Categories: Physics, Thermodynamic ensembles, Thermodynamics.

Microcanonical ensemble

The microcanonical or NVE ensemble is a statistical model of a theoretical system with constant internal energy UU, volume VV, and particle count NN.

Consider a box with those properties. We now put an imaginary rigid wall inside the box, thus dividing it into two subsystems AA and BB, which can exchange energy (i.e. heat), but no particles. At any time, AA has energy UAU_A, and BB has UBU_B, so that in total U=UA ⁣+ ⁣UBU = U_A \!+\! U_B.

The particles in each subsystem are in a certain microstate (configuration). For a given UU, there is a certain number cc of possible whole-box microstates with that energy, given by:

c(U)=UAUcA(UA)cB(UUA)\begin{aligned} c(U) = \sum_{U_A \le U} c_A(U_A) \: c_B(U - U_A) \end{aligned}

Where cAc_A and cBc_B are the numbers of subsystem microstates at the given energy levels.

The core assumption of the microcanonical ensemble is that each of these microstates has the same probability 1/c1 / c. Consequently, the probability of finding an energy UAU_A in AA is:

pA(UA)=cA(UA)cB(UUA)c(U)\begin{aligned} p_A(U_A) = \frac{c_A(U_A) \: c_B(U - U_A)}{c(U)} \end{aligned}

If a certain UAU_A has a higher probability, then there are more AA-microstates with that energy, so, statistically, for an ensemble of many boxes, we expect that UAU_A is more common.

The maximum of pAp_A will be the most common in the ensemble. Assuming that we have given the boxes enough time to settle, we go one step further, and refer to this maximum as “equilibrium”. In other words, the subsystem microstates at equilibrium are maxima of pAp_A and pBp_B.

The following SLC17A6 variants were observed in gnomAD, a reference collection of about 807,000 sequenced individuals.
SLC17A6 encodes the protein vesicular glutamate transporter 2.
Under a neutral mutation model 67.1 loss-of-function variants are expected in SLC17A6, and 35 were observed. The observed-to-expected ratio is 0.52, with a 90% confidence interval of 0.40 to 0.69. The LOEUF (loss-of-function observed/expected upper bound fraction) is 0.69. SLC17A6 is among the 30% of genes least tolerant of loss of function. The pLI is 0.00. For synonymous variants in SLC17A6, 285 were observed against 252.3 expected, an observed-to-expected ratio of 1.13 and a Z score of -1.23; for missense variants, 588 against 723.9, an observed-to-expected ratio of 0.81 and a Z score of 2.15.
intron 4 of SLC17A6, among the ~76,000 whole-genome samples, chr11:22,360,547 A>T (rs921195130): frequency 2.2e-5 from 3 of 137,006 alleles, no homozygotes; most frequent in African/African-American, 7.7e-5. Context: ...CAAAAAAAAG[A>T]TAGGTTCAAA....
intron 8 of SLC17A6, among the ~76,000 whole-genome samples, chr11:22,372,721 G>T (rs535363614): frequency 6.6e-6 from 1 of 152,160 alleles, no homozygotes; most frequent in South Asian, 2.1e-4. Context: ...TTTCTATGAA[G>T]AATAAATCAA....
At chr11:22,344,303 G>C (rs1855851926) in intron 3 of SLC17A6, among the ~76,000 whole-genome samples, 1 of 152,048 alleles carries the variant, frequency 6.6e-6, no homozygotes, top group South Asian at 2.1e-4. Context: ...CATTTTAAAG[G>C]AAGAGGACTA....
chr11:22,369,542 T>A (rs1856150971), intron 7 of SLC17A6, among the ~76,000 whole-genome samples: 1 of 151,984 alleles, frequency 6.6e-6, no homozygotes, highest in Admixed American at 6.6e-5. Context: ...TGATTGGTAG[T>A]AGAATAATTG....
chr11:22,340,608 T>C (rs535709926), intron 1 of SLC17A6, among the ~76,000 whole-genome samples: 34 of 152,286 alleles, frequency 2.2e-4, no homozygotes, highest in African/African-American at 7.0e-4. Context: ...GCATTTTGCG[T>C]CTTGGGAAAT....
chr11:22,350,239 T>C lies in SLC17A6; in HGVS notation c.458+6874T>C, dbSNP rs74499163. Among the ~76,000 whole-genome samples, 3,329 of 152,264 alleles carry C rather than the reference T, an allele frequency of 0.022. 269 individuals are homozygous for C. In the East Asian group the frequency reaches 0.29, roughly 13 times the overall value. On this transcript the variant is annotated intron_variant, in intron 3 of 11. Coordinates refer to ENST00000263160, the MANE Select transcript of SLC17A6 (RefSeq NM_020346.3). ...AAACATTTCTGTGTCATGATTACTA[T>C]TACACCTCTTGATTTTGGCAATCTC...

We only need to look at pAp_A. Clearly, a maximum of pAp_A is also a maximum of lnpA\ln p_A:

lnpA(UA)=lncA(UA)+lncB(UUA)lnc(U)\begin{aligned} \ln p_A(U_A) = \ln{c_A(U_A)} + \ln{c_B(U - U_A)} - \ln{c(U)} \end{aligned}

Here, in the quantity lncA\ln{c_A}, we recognize the definition of the entropy SAklncAS_A \equiv k \ln{c_A}, where kk is Boltzmann’s constant. We thus multiply by kk:

klnpA(UA)=SA(UA)+SB(UUA)klnc(U)\begin{aligned} k \ln p_A(U_A) = S_A(U_A) + S_B(U - U_A) - k \ln{c(U)} \end{aligned}

Since entropy is additive over subsystems, the total is S=SA+SBS = S_A + S_B. To reach equilibrium, we are thus maximizing the total entropy, meaning that SS is the thermodynamic potential that corresponds to the microcanonical ensemble.

For our example, maximizing gives the following, more concrete, equilibrium condition:

0=kd(lnpA)dUA=SAUA+SBUA=SAUASBUB\begin{aligned} 0 = k \dv{(\ln{p_A})}{U_A} = \pdv{S_A}{U_A} + \pdv{S_B}{U_A} = \pdv{S_A}{U_A} - \pdv{S_B}{U_B} \end{aligned}

By definition, the energy-derivative of the entropy is the reciprocal temperature 1/T1 / T. In other words, equilibrium is reached when both subsystems are at the same temperature:

1TA=SAUA=SBUB=1TB\begin{aligned} \frac{1}{T_A} = \pdv{S_A}{U_A} = \pdv{S_B}{U_B} = \frac{1}{T_B} \end{aligned}

Recall that our partitioning into AA and BB was arbitrary, meaning that, in fact, the temperature TT must be uniform in the whole box. We get this specific result because heat was the only thing that AA and BB could exchange.

The point is that the most likely state of the box maximizes the total entropy SS. We also would have reached that conclusion if our imaginary wall was permeable and flexible, i.e if it allowed changes in volume VAV_A and particle count NAN_A.


  1. H. Gould, J. Tobochnik, Statistical and thermal physics, 2nd edition, Princeton.